Dry it off, I cut a slice, man, is that like pink or what? Cut cold, this makes for a Medium Rare deli sandwich or whatever. If you cut a steak and scorch it, that pink will dissipate though, because that’s what myoglobin does. If you really want to serve this cut medium rare, don’t shock it, just pull it out of the bag, let the temp drop a few degrees, torch scorch and serve. It’s good just like that. But that’s not what we did. This time.
I created a special rub for this dish, we’re going to call it:
- salt, one part.
- sugar, one part.
- paprika, one part.
- fennel seeds, one part.
- onion flakes, dehydrated, one part.
- Hondashi granules, one part.
- chervil, dried, two parts.
No pepper. No garlic. I know, blasphemy. Umami.
Sprinkle and press liberally, it’s not overly salty. Push it in, and let it sit on paper or plastic for a few minutes. I use egg white to glue this on sometimes, but it’s not essential, so we did it the easy way. Some people try to use mustard or thick dairy products for the glue, it sounds good. Whenever I do it, that stuff just falls off when it gets hot, so I let it go.
I’m getting attached to this thing. I never met a BBQ/Smoker I didn’t like, but I have prohibitive breathing issues (former smoker). BGE’s and the primitives are just too hard on what’s left of my breathing apparatus.
Working in the trade teaches you a lot of things, one of which is not to over examine cooking in process. If you listen to your gray matter, you can feel the love inside the stove, and learn to use the internal clock. Consumption of alcoholic beverages makes this mechanism less accurate, but smoker windows just don’t work, in my experience.
Set the PID to 180F/82C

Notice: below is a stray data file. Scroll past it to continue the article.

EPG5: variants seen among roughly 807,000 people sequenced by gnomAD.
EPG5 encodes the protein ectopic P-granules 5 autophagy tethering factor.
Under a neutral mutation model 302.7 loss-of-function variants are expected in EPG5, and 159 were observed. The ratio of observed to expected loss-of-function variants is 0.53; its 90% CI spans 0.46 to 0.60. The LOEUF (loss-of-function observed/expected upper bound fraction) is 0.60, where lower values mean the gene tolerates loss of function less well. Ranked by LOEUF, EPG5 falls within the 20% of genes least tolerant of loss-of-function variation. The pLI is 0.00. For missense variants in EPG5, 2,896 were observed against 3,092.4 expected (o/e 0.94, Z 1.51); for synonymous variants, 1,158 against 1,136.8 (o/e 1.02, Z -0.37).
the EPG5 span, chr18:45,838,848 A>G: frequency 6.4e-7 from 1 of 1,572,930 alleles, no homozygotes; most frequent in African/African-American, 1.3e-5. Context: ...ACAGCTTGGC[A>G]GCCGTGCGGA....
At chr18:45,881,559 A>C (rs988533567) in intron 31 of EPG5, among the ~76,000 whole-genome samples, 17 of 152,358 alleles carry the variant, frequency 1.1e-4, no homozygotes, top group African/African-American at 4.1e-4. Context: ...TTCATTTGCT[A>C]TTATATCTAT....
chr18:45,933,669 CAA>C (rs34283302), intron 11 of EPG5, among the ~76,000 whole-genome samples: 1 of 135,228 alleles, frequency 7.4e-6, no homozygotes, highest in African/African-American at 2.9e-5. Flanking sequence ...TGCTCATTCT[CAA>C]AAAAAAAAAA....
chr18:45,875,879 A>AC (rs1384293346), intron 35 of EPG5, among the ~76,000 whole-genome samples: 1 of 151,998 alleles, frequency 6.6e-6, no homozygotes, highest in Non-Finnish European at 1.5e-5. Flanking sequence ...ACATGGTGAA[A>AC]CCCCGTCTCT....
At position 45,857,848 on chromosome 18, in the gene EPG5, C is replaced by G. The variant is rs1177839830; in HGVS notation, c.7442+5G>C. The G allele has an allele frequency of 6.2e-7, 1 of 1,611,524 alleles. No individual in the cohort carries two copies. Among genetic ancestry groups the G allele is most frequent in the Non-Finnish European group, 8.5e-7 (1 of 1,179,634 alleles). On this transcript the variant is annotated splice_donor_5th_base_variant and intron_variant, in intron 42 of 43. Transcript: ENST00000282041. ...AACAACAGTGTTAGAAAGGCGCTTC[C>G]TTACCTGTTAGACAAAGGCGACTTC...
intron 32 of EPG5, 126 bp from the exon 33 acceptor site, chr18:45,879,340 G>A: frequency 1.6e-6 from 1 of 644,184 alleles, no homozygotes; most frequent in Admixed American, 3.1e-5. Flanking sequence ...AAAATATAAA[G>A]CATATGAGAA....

Come back in three hours. What’s the worst that can happen @180F?
By Jove, I think we got it.
Okay, look at that meat. It’s pink, no Photoshop. Look at the tomato–it’s not glowing. But that meat is not rare. It’s pulling apart, and there’s no pink drip. That color is a symptom of lividity. Exposure to CO and NO causes the color of myoglobin to “fix.” Not to be morbid, but people who die of smoke inhalation have bright red lips and eye lids and extremities as a result of this. Fortunately, this steer was already dispatched for our convenience.
The iconic but meaningless smoke ring is caused by exposure to CO and NO, too. The use of curing salts, which have nitrogen in them, also fix the color of myoglobin, creating the pink of corned beef and bacon and ham and summer sausage, and hey, I made some summer sausage, pics of that later.
Let’s apply ourselves.
Sandwiches, let there be no shame. If you devoted your day to getting the flat to come out perfect, you may not have had time or even the inclination to make the corn bread, beans, coleslaw, potato salad, green salad, macaron’ and cheese, corn on the cob, biscuits, cherry cobbler, and all the other things that we always took for granted when the women were running the show. How did Mom do it?
Slice some of the meat, shred some lettuce, whatever ya got, EVOO and Balsamic drizzle with a little bit of the rub. Sliced tomatoes, even the hot house kind, why be a snob? Sous vide onions are a thing, seal them up, one hour @183F/84C, shock them. Good for many things, onion rings, let your palate sing. They’re deliciously soft, don’t fly all over and are less hot and more sweet. Mayonnaise, and some B2 steak sauce.
Then this crazy salad, I quick pickled a red onion sv with some vinegar, sugar, no water, mustard seeds, fennel seeds, pepper, salt, shock, and cut coarse. Purplish. SV carrots, SV corn, I keep that stuff around in the summertime. SV apricots with vanilla, and I cut some black grapes in half, some rub, little oil, yada yada, bada boom!
Inspiration is a funny thing. It’s soft, it’s nuanced, it’s not usually loud. Sometimes, you just look in the fridge, and some voice says “that stuff will work, just do it. Be prepared to name it.” Still drawing a blank on that.
As always, stay tuned. I got lots of stuff in the fridge, and lots of stuff on the horizon, too. Hope you dug it.